by Stephen Tall on January 22, 2012
Shock! Horror! Lib Dem business secretary Vince Cable advocates Lib Dem manifesto policy!
The Telegraph today reports that Vince’s policy — which would levy a 1% annual charge on all properties valued above £2 million — is still on the table as the Coalition writes its second budget:
Vince Cable, the Liberal Democrat Business Secretary, is pushing for a mansion tax to be introduced on properties worth more than £2million in this year’s Budget. While the policy is likely to be opposed by George Osborne, the Chancellor, Mr Cable said that he had spoken to Conservative MPs who backed the plan.
“A mansion tax is still very much on the agenda – it is a very good idea,” Mr Cable told The Sunday Telegraph. “It is good for two reasons,’’ he said. ”It would constitute a tax on wealth rather than income, which we believe to be right, and also in economic terms it creates the right sort of incentives for the property market.”
Mr Cable added that it was “perverse” that rich “foreigners” could buy expensive properties in Britain and contribute just £1,000 a year in council tax towards the public finances.
3 ways of reading Vince’s comments
There are a couple of ways of interpreting this fresh pitch. First, it may simply be a case of ‘differentiation’, reminding voters that the Lib Dems and Tories have different views, different priorities, different ambitions. Just because we are in Coalition does not mean we have merged.
Secondly, it could be tactical, with Vince pushing the mansion tax as a negotiating position with his Tory colleagues — ‘Okay, I’ll drop the mansion tax, but only if you guys drop [select Tory policy which seeks to entrench further privilege among its core constituency]‘.
But there is a third possibility: that there is a genuine chance the Coalition could opt for a more radical tax package in this budget, one which genuinely seeks to shift the tax-burden from income to wealth (while leaving the overall tax-take neutral).
A Lib Dem / Tory tax compact: could it happen?
It may be an absurd flight of fancy. After, all Tory tax preoccupations tend to revolve around inheritance tax and the top rate of income tax. It has normally been left to the Lib Dems to push for tax-cuts for low-earners and polluter taxes.
Yet only a few months ago, Tory MP Mark Reckless advocated a version of Vince’s mansion tax on ConservativeHome:
Conservatives should not rule out a ‘mansion tax’ or similar proposal in the context of a package which cuts unjustifiably high forty to fifty pence income tax rates. Perhaps the threshold could be set nearer £5million than the £1million or £2million that Vince Cable has floated.
Such a tax would be far harder to avoid than high income tax rates. UK housing, unlike the talents of the highest earners, cannot be taken offshore. A mansion tax targeted at the very wealthy would depress spending by less than the current high taxes on income and, unlike those, would not harm work incentives. It could therefore be pro-growth.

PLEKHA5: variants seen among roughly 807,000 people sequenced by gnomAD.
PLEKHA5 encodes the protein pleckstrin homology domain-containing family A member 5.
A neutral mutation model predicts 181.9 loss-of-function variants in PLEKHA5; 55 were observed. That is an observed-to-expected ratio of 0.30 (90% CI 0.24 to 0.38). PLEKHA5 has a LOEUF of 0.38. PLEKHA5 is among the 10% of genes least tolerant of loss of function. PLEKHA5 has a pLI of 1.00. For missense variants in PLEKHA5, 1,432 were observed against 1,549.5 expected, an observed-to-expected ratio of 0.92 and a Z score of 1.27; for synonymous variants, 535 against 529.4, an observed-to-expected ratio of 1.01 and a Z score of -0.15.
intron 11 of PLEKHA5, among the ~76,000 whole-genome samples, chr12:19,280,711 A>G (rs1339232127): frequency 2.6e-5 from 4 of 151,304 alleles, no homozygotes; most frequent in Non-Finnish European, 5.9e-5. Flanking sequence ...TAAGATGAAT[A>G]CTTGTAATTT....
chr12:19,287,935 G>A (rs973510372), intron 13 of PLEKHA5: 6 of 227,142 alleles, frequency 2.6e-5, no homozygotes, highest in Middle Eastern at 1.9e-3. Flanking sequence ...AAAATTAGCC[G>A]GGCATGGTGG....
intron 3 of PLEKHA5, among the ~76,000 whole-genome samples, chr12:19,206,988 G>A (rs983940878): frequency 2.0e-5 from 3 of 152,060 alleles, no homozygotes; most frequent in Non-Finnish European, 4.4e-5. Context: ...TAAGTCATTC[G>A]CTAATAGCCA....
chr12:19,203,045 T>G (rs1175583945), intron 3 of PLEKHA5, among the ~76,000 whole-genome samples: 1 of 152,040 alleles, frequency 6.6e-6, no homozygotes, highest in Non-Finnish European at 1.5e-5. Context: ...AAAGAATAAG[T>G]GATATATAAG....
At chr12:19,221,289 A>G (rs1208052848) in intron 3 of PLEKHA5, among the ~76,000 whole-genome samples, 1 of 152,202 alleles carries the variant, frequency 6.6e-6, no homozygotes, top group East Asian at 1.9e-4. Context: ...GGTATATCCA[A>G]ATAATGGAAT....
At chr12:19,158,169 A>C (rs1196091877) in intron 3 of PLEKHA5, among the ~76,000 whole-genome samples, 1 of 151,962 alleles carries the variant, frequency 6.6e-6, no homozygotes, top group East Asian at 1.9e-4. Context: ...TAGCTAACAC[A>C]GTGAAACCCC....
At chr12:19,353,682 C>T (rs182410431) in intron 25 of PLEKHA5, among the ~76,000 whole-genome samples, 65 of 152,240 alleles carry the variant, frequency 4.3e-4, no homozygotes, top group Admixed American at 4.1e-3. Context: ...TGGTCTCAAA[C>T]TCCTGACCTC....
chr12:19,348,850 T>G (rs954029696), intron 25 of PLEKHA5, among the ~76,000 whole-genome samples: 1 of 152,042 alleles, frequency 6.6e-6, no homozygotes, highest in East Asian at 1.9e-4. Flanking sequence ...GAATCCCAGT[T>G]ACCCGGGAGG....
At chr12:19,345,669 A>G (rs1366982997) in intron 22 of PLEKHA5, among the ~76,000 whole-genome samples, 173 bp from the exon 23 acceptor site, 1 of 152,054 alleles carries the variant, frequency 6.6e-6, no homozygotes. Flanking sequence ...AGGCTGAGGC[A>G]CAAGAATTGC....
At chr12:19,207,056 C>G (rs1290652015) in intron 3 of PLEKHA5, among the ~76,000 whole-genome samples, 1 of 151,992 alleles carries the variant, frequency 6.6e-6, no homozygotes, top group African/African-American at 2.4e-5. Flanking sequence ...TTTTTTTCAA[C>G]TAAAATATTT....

We should also recognise that UK property taxation is almost uniquely generous to owners of high value property. The international norm is for property tax to be levied as a percentage of capital value. In the UK the council tax regime means that property tax is capped at what, for very high value properties, is internationally an extraordinarily low rate. For instance, the owner of a £20million property in prime central London would pay only £1,375 of council tax annually if in Westminster, or £2-3thousand in other boroughs.
And ConservativeHome’s editor Tim Montgomerie has also advocated the underlying principle:
… [we should] rebalance the tax system in a way that will be less comfortable for some Conservatives. Britain taxes income quite highly and wealth hardly at all. In other words we are taxing job creation more heavily than we are taxing inequality. … on taxation of “mansions” I believe the Lib Dems are correct. We shouldn’t, however, be increasing taxes on high-value properties in order to increase the overall tax burden. Britain’s tax burden is one of the reasons why so many parents are working long hours outside of the home. We should be increasing taxes on wealth and pollution in order to afford cuts in taxes on families and employers.
There are Tories prepared to think outside their traditional preoccupations of ensuring the well-to-do do a little more well, and instead start to tackle the inequalities that underpin many of society’s deep-rooted problems.
The ‘mansion tax’ is no silver bullet, but if Vince can shape the debate so the Coalition gets serious about taxing wealth rather than income there could be far-reaching consequences. It would offer the Coalition a radical, and shared cause. It would also leave Labour bewildered: it’s decades since the party thought seriously about the distribution of wealth as opposed to knee-jerk high-income taxation as a panacea for all ills.